Tom Petty treats crowd to his greatest hits
By TIMOTHY COLLINS
Scene Music Critic
Tom Petty and the Heartbreakers were formed in Los Angeles in 1976, and since then the band has released nine studio albums. Most recently, the band released this year's Echo, which is hailed as some of the band's best work. The band has been touring since early summer to support its new album, with a recent stop at Chicago's United Center on Oct. 7.
The band emerged on its psychedelic stage to the tune of "Jammin' Me," a song Petty co-wrote with Bob Dylan for the band's 1987 album Let Me Up (I've Had Enough). The quick, catchy song got the crowd excited and on its feet, and it set the stage for a memorable show.
Petty continued to play songs primarily from his Greatest Hits album. A fan who only owned that album would have known 11 of the 22 songs on the set list. Petty is a great performer, and he kept the crowd entertained between songs by introducing each song. For example, he remarked that most of the fans "weren't even born yet" before ripping into the 1978 classic "Listen To Her Heart."
The new album only had three of its songs played, including the least memorable of the show; guitarist Mike Campbell's "I Don't Wanna Fight," a half-hearted attempt at the teenage angst perfected by Nirvana. Petty knew the fans wanted to hear the classics and that was exactly what he delivered. The crowd had a chance to karaoke with "I Won't Back Down" and "You Don't Know How It Feels."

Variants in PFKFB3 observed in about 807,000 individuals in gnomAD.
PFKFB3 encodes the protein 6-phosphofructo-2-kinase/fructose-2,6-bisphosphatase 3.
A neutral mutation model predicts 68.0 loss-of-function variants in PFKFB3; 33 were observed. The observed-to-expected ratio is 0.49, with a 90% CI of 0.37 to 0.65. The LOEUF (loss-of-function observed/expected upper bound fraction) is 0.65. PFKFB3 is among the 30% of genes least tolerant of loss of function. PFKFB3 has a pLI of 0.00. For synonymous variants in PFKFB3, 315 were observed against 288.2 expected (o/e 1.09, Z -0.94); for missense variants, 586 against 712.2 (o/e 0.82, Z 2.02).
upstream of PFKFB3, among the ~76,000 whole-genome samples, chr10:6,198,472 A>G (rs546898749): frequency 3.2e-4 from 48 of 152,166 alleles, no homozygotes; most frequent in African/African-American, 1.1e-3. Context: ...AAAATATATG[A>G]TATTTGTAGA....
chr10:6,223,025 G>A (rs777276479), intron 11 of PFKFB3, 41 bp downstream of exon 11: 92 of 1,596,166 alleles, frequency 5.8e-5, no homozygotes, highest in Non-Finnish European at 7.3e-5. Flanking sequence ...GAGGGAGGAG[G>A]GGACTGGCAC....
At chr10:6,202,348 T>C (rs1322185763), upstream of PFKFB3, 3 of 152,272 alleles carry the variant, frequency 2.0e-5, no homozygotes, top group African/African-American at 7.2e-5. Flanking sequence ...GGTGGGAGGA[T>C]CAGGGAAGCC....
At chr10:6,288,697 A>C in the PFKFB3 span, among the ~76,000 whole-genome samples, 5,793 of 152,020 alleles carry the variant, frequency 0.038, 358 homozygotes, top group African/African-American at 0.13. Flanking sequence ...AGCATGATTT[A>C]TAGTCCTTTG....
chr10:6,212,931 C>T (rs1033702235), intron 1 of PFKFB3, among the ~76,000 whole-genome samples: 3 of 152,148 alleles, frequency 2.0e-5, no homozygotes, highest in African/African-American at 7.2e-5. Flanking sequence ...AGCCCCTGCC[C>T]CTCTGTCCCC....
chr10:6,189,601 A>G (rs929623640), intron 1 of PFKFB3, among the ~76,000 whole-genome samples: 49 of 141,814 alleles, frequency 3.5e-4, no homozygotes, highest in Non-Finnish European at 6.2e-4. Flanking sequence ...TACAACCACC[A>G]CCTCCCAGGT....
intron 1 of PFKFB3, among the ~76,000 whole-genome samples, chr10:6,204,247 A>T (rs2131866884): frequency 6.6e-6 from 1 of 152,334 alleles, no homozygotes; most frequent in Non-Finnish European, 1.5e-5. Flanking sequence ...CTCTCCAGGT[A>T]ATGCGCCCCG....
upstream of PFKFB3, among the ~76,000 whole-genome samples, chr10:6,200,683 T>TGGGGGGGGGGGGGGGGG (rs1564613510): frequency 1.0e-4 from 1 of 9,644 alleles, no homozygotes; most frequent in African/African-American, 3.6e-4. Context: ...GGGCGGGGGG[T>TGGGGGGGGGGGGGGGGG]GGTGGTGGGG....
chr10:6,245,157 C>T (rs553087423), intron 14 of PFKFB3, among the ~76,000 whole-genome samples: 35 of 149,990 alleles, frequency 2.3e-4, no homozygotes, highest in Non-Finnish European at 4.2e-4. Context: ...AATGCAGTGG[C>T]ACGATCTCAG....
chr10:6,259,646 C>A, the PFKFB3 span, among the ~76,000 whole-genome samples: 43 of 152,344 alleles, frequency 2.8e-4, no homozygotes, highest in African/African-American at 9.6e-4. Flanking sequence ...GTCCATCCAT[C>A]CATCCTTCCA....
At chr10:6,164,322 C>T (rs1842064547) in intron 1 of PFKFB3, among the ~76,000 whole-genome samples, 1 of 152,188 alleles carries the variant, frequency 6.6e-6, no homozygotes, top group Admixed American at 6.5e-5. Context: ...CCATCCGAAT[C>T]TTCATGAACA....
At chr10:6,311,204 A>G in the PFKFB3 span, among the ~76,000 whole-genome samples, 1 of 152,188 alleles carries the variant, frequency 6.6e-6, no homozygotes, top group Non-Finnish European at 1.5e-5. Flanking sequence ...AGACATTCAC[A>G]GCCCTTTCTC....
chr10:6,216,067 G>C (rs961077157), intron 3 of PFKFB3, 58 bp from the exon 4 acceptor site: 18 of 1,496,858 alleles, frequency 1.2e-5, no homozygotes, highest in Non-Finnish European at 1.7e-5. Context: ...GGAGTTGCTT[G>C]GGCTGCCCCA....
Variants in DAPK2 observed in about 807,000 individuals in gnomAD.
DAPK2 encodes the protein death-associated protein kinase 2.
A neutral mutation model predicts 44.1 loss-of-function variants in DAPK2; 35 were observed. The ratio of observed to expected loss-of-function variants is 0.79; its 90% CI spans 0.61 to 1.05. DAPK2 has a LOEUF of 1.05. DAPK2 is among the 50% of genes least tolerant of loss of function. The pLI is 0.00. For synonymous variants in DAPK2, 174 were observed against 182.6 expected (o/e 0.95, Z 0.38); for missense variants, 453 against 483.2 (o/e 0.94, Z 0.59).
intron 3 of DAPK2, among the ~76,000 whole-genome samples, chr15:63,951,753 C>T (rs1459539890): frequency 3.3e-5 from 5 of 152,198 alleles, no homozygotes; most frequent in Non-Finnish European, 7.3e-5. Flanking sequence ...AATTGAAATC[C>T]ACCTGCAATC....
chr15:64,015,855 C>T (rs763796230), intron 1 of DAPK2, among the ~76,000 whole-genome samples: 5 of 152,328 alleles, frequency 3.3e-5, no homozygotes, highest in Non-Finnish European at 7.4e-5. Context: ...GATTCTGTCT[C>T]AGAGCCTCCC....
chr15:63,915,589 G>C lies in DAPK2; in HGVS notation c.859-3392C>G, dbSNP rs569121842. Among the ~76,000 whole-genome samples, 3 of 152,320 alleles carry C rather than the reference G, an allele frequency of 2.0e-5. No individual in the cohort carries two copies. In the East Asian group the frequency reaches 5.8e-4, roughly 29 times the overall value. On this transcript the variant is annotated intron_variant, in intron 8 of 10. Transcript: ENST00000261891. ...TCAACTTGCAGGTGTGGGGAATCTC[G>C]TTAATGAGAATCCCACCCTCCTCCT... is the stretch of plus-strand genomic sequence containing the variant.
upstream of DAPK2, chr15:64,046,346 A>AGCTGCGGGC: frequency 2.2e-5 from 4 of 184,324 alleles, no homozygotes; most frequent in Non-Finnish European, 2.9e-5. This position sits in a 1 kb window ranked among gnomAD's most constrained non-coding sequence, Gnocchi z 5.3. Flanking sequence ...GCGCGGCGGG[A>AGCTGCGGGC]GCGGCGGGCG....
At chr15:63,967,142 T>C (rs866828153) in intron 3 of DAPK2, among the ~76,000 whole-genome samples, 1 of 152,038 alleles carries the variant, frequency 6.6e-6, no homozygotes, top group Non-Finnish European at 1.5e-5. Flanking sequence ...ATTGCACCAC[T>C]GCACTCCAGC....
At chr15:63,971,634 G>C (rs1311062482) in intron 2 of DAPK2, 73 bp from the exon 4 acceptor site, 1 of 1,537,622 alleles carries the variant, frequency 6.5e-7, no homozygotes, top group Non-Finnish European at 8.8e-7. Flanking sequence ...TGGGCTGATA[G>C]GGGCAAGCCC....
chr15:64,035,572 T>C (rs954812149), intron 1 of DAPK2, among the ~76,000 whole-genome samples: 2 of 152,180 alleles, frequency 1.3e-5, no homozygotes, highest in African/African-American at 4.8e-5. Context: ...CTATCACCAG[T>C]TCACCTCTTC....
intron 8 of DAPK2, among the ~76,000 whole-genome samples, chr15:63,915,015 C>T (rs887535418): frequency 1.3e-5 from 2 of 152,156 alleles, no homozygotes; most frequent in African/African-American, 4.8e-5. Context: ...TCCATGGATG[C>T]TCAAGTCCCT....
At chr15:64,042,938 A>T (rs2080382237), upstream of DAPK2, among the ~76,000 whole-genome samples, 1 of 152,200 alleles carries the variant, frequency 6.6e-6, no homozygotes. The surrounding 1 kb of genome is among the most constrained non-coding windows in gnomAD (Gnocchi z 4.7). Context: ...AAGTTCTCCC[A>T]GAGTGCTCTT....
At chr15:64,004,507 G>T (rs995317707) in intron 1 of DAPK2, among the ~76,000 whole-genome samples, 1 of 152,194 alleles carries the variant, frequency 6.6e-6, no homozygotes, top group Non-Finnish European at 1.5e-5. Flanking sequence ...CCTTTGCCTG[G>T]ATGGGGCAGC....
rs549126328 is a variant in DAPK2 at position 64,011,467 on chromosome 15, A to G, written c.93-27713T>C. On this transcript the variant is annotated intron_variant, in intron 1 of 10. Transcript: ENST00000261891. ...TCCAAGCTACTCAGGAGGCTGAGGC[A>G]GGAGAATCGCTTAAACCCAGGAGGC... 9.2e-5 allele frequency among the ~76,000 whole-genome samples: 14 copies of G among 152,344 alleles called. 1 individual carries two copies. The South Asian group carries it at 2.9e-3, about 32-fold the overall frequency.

"It's Good To Be King" achieved new life on the stage, allowing the song to reach a level it hadn't reached on Petty's 1994 solo album Wildflowers.
"Don't Come Around Here No More" got rid of the backup singers that plagued the album version, making the song sound rougher, and much better, than the original. And a solo Petty, with only his guitar, sang the lines "and I can't hold out forever, even walls fall down" from 1996's "Walls" with new meaning during the show's acoustic set.
The band took a bow after "You Wreck Me," and the crowd started the chant for an encore.
The band took the stage again and saved its best for last. "Free Fallin," the biggest hit of Petty's career, sent the crowd into an uproar. Petty could hardly be heard over the fans singing. "Honey Bee," the night's loudest song, followed with Petty running around the stage like he was 25 years old again.
The band also covered Van Morrison's "Gloria" with Petty going into an improvisational rap, and although it wasn't as good as the original, Petty did one of his rock 'n' roll idols justice. The band ended the night with its classic "American Girl" from the Heartbreakers' 1976 self-titled debut. The band's oldest song of the night was definitely the biggest hit with the crowd.
Petty put on a great show and surely entertained the crowd throughout. After 23 years together, the band sounds like they are still having as much fun as ever with each other.
They played for close to 2 1/2 hours and gave the crowd exactly what it wanted. Like his fellow 50-something rocker Bruce Springsteen, Petty is still running around and showing the energy of a 20-year-old.
All Scene Stories for Tuesday, October 12, 1999